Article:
Lockdown Photography

May 04, 2020  •  Leave a Comment

I don't need to tell you that over the last few weeks, life has been turned upside down and inside out thanks to the Coronavirus. The government's decision to lockdown the country in order to slow the spread of the virus has coincided with the end of my previous contract, so my much anticipated break in order to focus on my photography has gone somewhat belly up. I've therefore had to concentrate any photography on wildlife around the house and around the local area. Whilst this is nowhere near as exciting as what I could've been doing, it has proved a lot of fun and thrown up a few challenges along the way....

Starting with the garden/outdoor area, I've got the fortune of a very large and long stretch of blackthorn right outside my partner's living room so this has been my initial focus. I put some feeders up a while back as there have always been a good number of birds moving about and feeding in the bushes and these attracted a number of species, namely robin, dunnock, wood pigeon, magpie, house sparrow, blue tit, great tit and long-tailed tit. The downside is the hedge is only a few metres away from the house, so any kind of clean background is impossible. This was challenge number 1. The solution was the bring a feeder onto the fence between the house and bushes, but again, this didn't help too much and shooting with a 500mm lens meant the birds were too large in the frame and I would also have to shoot through the window glass impacting image quality. This was challenge number 2, with the following an example (and not much of a crop at all): 

Blue TitBlue Tit

I therefore moved the feeder away from the house, on a part of the fence that gave me a line of sight from the living room window when it was open (removing the need to shoot through glass). It also meant the background was much further away too, resulting in a much cleaner background and providing more opportunity to compose my shots. The set-up was very basic, with a fatball feeder tied to the fence/railing, and a perch set-up nearby, as shown below:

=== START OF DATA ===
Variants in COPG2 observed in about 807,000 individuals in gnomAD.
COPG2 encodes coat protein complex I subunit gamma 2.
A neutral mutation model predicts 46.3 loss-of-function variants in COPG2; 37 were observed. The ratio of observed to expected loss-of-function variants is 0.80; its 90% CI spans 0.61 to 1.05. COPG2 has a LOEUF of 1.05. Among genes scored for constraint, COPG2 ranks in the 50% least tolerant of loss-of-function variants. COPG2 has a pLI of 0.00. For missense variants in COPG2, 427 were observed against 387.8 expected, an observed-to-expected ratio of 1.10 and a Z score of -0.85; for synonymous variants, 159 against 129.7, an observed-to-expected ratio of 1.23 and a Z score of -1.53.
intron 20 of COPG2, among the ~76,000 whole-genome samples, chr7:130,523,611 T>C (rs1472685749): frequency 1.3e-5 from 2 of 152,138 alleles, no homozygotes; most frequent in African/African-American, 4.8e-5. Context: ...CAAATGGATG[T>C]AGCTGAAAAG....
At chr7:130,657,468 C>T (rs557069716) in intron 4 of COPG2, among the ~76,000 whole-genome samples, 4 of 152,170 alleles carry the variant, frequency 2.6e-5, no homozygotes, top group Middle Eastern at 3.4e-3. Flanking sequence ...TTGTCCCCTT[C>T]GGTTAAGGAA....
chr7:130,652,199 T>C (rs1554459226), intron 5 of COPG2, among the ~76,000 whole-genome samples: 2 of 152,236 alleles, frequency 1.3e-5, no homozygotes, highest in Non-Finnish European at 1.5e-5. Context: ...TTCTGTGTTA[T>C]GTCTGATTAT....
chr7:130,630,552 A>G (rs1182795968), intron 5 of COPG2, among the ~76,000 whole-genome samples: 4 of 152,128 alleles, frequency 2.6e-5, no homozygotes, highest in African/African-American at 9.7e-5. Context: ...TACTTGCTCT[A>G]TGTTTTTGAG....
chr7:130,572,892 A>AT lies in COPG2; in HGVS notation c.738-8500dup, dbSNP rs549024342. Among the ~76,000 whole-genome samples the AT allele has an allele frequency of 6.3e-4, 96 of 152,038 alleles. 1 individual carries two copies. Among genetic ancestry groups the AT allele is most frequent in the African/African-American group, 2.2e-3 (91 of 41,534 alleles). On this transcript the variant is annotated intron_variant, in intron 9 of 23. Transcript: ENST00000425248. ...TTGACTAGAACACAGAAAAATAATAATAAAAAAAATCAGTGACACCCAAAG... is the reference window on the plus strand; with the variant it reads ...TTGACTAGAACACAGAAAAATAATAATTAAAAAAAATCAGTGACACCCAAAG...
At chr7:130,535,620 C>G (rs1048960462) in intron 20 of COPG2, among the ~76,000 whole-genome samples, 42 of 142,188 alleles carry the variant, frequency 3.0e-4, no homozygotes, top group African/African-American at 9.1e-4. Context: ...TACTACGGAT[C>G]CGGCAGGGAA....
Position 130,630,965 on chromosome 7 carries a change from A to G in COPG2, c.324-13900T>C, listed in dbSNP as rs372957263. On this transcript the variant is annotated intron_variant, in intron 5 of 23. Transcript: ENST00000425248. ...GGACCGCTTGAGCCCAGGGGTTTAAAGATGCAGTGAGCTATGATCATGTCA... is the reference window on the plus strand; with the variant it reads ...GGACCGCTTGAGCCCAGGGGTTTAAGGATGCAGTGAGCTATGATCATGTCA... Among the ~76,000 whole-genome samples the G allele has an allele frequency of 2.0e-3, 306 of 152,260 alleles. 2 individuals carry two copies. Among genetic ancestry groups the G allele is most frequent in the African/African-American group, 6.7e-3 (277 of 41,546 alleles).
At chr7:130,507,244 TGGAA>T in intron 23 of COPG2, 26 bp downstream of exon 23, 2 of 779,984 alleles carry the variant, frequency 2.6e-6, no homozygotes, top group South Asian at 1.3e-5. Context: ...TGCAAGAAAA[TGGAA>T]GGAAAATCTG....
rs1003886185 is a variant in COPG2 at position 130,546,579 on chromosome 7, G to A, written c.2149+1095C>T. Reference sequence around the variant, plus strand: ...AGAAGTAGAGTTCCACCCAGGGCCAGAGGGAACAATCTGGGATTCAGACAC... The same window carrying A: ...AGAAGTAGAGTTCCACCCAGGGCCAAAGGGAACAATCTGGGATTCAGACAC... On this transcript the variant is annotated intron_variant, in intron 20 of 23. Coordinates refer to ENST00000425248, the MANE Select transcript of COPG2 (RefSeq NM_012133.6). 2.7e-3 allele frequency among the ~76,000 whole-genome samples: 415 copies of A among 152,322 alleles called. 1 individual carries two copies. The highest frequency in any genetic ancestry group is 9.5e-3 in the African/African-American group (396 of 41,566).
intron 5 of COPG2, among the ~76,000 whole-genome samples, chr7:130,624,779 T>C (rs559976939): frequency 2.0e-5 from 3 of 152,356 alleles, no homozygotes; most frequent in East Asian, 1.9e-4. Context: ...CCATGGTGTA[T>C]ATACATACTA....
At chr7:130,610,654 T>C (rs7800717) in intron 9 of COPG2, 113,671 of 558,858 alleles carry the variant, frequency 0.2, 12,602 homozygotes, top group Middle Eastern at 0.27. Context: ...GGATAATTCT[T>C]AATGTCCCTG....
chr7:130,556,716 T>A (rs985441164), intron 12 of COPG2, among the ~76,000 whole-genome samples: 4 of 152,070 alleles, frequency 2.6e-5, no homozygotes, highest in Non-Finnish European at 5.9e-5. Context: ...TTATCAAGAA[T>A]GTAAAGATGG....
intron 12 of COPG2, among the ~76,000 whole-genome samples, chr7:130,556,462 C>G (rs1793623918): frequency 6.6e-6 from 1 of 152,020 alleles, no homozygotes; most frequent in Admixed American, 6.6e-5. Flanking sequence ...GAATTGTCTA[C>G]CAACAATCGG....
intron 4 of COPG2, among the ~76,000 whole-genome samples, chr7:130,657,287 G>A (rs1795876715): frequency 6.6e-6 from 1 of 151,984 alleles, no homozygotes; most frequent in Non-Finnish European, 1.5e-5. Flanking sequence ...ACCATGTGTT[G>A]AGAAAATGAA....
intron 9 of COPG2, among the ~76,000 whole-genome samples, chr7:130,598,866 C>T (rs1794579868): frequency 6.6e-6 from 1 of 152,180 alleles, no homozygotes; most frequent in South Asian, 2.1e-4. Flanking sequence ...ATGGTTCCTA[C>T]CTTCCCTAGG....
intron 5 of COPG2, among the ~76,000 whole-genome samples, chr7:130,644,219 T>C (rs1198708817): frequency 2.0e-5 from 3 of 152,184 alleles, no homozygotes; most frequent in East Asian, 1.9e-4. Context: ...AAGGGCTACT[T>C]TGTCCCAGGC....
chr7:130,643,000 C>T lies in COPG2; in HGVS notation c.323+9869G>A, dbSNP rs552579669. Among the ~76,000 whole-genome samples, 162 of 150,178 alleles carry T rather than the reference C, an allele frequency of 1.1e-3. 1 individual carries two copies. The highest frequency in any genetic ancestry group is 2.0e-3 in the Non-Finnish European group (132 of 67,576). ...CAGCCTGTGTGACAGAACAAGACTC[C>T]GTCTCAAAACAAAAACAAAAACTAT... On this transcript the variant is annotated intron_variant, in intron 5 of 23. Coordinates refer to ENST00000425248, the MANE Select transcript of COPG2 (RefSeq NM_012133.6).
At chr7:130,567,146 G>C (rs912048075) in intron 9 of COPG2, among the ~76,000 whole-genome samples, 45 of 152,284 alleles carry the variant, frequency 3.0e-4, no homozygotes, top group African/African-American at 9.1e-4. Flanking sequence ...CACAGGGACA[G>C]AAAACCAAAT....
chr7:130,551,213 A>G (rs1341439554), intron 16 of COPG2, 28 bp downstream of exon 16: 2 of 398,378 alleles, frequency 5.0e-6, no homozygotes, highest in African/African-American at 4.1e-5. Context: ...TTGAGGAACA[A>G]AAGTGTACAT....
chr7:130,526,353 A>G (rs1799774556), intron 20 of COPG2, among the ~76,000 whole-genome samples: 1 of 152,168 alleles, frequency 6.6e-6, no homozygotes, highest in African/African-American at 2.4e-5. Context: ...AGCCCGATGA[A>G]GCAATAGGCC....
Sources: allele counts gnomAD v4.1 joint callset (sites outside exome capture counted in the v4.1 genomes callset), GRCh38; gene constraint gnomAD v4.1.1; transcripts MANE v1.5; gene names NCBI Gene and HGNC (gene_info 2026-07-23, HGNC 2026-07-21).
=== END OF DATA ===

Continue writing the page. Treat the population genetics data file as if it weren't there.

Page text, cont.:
This set-up is similar to one I've used when I've had a proper feeding station and hide in place and allows for easy adjustment in terms of position but also means perches can be quickly changed. Given the plentiful flowering blackthorn to hand, I used small branches to start with and had a bit of luck with a few shots.

Blue TitBlue Tit Blue TitBlue Tit

I then decided to switch to a perch found on a walk and after some minor tweaks it worked very well. Something to point out with the lighting on the images I've taken is that the perch has been in the shade for most of the day, with the background lit up by direct sunlight. Some over exposure to lift the birds out of shadow results in a lovely golden background and plenty of detail on the bird. Hand-holding my camera and lens hasn't been ideal but it has meant I've had at least some upper body excercise!

Blue TitBlue Tit

Blue TitBlue Tit Blue TitBlue Tit

The image (above) has been my favourite blue tit to date though I'm enjoying the ongoing challenge to improve on this.

A robin has also made occasional visits though these are often very brief, with the perch ignored, though I have managed to be at the window at the right time a few times.

RobinRobin RobinRobin More perches to come and hopefully the background colours will evolve as the vegatation begins to grow.

In addition to shooting from the comfort of the living room, I've started taking my camera out on our daily walks and only started doing this after finding a new area which has a decent population of starlings. From a distance, these noisy birds look very plain - almost black - but up close they are stunning creatures blessed with wonderfully iridescent plumage when adults. I've not spent much time at all getting images of these birds as the area they've been seen in is popular for dog walkers / walkers in general, so I've only grabbed a few shots when it's been quiet and the starlings have been down from the trees. Not much to show for my efforts but another mini 'project' I'll be pursuing. Here are a few of the shots I've managed so far:

StarlingStarling StarlingStarling StarlingStarling StarlingStarling

As much as I'm ruing what might've been (mainly the start of the butterfly season), it's been very enjoyable focusing on just a couple of common, everyday bird species. Everyday offers the chance to improve and who knows, there might be something a little more exciting to be seen tomorrow or the day after. If there isn't, I'll continue to be grateful that I have got some outdoor space to enjoy as many others will not be so fortunate.


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